A man and his four children ate some of these mushrooms stewed about 8 a.m. About 9 a.m. Edward, set. 8, was attacked with fits of immoderate laughter. To this succeeded vertigo and a great degree of stupor, from which he was roused by being called or shaken but immediately relapsed. The pupils were at times dilated to nearly the circumference of the cornea, and scarcely contracted at the approach of a strong light; his breathing was quick; his pulse very variable, at times imperceptible, at others too frequent and small to be counted; latterly very languid; his feet were cold, livid, and contracted. He sometimes pressed his hands on different parts of his abdomen, as if in pain, but when roused and interrogated as to it he answered indifferently "Yes " or "No," as he did to every other question, evidently without any relation to what was asked.

About the same time the father, aet. 40, was attacked with vertigo, and complained that everything appeared black, then wholly disappeared. To this succeeded loss of voluntary motion and stupor; pupils dilated; pulse slow, full, and soft; breathing not affected. In about ten minutes he gradually recovered, but complained of universal numbness and coldness, with great dejection, and a firm persuasion that he was dying. In a few minutes he relapsed, but recovered as before, and had several similar attacks during three or four hours, each succeeding one less violent and with longer intermissions than the former.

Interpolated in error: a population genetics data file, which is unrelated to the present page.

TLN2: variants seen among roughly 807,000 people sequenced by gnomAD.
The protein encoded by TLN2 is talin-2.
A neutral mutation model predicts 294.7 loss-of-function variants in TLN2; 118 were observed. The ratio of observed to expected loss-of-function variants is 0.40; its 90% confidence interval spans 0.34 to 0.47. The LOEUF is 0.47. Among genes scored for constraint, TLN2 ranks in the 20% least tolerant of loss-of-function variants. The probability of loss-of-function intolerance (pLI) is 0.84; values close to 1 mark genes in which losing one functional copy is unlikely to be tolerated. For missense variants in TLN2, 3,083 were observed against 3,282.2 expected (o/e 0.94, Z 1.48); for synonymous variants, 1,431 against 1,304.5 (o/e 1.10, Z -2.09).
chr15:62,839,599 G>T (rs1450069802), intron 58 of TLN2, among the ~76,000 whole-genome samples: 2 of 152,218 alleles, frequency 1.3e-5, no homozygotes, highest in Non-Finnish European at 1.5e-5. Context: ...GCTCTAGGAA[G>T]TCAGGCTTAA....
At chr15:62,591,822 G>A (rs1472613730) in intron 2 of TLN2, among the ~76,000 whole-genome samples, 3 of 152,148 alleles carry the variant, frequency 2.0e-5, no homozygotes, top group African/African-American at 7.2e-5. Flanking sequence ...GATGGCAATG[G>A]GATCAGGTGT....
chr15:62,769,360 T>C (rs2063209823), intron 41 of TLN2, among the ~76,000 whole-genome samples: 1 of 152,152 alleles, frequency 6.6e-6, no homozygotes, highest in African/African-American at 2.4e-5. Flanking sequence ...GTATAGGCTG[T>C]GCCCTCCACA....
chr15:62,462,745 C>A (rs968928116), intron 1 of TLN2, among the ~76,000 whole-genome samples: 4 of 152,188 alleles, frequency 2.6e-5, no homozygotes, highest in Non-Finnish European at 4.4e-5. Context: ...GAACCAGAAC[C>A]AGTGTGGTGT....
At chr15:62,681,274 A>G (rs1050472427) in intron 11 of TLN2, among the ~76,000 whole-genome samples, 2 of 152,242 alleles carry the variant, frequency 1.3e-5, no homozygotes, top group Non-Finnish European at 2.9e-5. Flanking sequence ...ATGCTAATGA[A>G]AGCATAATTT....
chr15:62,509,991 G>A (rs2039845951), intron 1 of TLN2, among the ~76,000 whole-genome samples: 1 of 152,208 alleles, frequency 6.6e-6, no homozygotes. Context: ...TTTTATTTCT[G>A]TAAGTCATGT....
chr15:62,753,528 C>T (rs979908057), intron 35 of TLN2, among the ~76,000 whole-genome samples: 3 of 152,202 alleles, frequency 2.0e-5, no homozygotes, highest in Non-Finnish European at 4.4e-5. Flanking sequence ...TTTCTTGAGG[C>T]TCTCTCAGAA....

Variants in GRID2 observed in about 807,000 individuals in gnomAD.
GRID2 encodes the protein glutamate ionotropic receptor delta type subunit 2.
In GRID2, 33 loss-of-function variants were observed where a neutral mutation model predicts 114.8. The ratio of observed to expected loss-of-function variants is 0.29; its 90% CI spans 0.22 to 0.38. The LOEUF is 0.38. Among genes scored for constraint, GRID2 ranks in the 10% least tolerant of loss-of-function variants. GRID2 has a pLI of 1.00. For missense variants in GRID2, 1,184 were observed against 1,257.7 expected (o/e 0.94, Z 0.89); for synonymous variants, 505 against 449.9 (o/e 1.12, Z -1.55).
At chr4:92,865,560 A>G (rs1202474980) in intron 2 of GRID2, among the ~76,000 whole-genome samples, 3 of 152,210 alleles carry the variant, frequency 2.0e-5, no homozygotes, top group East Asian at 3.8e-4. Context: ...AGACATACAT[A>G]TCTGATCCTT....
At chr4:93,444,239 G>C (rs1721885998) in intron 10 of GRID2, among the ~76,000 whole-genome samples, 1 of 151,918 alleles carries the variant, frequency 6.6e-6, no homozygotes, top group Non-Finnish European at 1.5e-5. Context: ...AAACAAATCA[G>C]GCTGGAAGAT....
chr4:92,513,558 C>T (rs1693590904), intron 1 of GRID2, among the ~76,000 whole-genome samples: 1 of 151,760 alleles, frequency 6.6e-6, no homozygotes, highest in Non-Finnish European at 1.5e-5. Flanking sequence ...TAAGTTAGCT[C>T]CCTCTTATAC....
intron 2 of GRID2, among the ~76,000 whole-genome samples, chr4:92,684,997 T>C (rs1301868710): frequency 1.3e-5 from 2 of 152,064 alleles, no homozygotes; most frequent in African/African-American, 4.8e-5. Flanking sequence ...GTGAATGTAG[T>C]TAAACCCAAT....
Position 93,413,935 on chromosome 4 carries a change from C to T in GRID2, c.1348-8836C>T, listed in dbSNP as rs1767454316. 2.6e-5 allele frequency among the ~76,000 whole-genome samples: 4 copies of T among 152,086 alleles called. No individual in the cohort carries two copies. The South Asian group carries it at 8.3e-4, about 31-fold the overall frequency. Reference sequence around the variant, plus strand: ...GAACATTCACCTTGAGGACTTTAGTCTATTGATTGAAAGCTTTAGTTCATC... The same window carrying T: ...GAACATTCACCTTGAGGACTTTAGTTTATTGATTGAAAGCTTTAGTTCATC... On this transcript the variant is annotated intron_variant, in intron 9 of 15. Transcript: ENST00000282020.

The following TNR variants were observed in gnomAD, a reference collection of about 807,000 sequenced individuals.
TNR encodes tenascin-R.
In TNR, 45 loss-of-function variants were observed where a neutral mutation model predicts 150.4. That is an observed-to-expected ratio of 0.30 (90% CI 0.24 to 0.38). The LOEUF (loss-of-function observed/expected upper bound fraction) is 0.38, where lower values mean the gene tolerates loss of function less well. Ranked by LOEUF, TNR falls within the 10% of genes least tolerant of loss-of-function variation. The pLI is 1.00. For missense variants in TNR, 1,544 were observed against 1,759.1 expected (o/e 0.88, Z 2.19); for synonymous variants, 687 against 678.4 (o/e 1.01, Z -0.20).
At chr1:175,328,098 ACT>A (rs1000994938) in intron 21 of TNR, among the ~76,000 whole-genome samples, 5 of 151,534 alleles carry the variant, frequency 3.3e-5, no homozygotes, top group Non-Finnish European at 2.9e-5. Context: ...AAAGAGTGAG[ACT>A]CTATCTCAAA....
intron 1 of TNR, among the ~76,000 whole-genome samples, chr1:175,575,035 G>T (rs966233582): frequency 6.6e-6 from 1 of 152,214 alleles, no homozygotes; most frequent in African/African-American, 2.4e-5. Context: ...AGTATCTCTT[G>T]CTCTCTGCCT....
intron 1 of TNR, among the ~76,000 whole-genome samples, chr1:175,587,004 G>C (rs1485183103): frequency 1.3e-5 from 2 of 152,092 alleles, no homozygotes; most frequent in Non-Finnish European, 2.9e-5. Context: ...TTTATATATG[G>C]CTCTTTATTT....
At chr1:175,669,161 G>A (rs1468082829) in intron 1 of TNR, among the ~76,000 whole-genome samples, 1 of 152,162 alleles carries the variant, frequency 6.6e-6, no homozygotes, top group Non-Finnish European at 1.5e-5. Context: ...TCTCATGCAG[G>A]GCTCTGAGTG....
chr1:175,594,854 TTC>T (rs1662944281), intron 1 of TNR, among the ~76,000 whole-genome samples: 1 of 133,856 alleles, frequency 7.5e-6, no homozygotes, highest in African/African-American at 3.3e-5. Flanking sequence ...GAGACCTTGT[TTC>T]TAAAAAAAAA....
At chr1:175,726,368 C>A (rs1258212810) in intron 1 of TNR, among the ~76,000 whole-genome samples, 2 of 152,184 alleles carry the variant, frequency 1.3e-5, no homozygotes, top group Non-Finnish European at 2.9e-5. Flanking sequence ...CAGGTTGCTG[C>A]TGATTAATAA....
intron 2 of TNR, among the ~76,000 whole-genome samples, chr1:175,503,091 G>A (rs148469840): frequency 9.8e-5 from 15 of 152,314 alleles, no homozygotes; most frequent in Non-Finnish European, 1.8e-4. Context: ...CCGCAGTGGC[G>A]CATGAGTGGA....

Harriet, set. 12, was attacked also at the same time with slight vertigo. She had two or three attacks of it, with some languor.

Edward had great difficulty in swallowing, and, when relieved by treatment, complained of coldness and insensibility about the stomach. By 4 p.m. every violent symptom had ceased, drowsiness and occasional giddiness only remaining, both of which, with some headache, continued during the following day. I Charlotte, set. 10, was suddenly attacked about 10.30 a.m. with vertigo and loss of voluntary motion. Pupils very much dilated and sight greatly impaired. These symptoms soon gave place to a degree of delirium, in which she refused to take anything, forcibly striking whatever was offered to her. After treatment had removed these symptoms she was wholly unconscious of anything that had passed since their commencement. Her pulse, which hitherto had not been much affected, was now irregular, and continued so, though in a less degree, during the whole of the day.